EECS Joint Colloquium

Wednesday, October 13, 1999

4:00-5:00 p.m.

Hewlett Packard Auditorium, 306 Soda Hall

Current Department Research Presentation Series

"MEMS/Robotics "and "Computational Science and Engineering (Applied to Plasmas)"

Profs. Kris Pister and C. K. Birdsall, EECS

Professor Kris Pister



MEMS research at Berkeley has included polysilicon surface micromachining, electrostatic microactuators, CMOS integration, 3-D micromachining, stiction control processes, planar microfluidics, optics, fiber switches, cubic millimeter displays, tunable circuit components, millimeter/microwave communications, drug delivery, chronic sensor implants, biomedicine, sensor networks, digital storage, CAD.

The robotics group is not trying to make or replace humans. Some of the directions our research has gone is telepresence (e.g., telesurgery, Personal Roving Presence), personal robots (companions and educational), and minaturization. Robotics has connections with control, medicine,AI, pyschology, sensing, MEMS, etc.

Professor C. K. Birdsall

Computational Science and Engineering (Applied to Plasmas)


Since 1967, the Plasma Theory and Simulation Group (PTSG) has been a pioneer in the application of computational science and engineering to many types of plasmas. Plasma, the fourth state of matter, is typically above 10,000 K (1 eV), where matter is readily ionized into electrons (hot) and ions (cool), with a cold neutral background gas. Examples of plasmas include fluorescent lamps, and discharges for processing of semiconductor chips (40% of the steps), both multi-billion dollar industries. Other examples include accelerators, microwave-beam sources, charged particle optics (e.g. lithography), and fusion reactors.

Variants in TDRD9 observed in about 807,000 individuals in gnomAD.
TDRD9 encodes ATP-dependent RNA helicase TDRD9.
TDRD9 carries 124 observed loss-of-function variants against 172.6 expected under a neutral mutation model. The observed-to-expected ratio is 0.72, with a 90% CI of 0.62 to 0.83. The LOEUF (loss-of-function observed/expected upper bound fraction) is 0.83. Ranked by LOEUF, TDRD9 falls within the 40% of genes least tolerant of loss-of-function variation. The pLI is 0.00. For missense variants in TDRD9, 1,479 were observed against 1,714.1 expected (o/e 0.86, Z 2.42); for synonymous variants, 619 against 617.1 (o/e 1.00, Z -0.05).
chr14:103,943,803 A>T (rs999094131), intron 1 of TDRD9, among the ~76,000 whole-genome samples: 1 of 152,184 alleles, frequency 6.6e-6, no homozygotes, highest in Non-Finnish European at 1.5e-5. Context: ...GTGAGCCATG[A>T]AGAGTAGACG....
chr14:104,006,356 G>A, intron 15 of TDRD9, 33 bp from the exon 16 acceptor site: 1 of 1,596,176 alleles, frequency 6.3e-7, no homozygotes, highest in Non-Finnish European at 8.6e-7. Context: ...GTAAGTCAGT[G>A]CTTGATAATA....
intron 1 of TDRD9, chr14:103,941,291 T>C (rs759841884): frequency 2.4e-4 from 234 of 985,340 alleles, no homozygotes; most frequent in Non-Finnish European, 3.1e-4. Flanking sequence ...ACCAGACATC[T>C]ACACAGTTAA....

Plasmas tend to be electrically neutral, with a thin non-neutral sheath region near boundaries. The plasma can act as a resistor, conductor, capacitor, or inductor in various combinations. Plasmas have complex stability characteristics, can support waves, and can exhibit nonlinear effects.

PTSG often treats plasmas from a kinetic, first-principles perspective, preserving most of the basic physics. Analytic models, approximate computational models, and experiment provide guidance. The computations are performed using millions of particles, with electric and magnetic fields computed on spatial meshes in one, two, and three dimensions. The final key component is visualization of the results, which becomes increasingly challenging in three dimensions.

We seek additional students to join our 11-member research group. Support is presently at about $0.5M/year from 6 research contracts drawn from industry and government, for both basic and applied research. Examples of projects will be presented.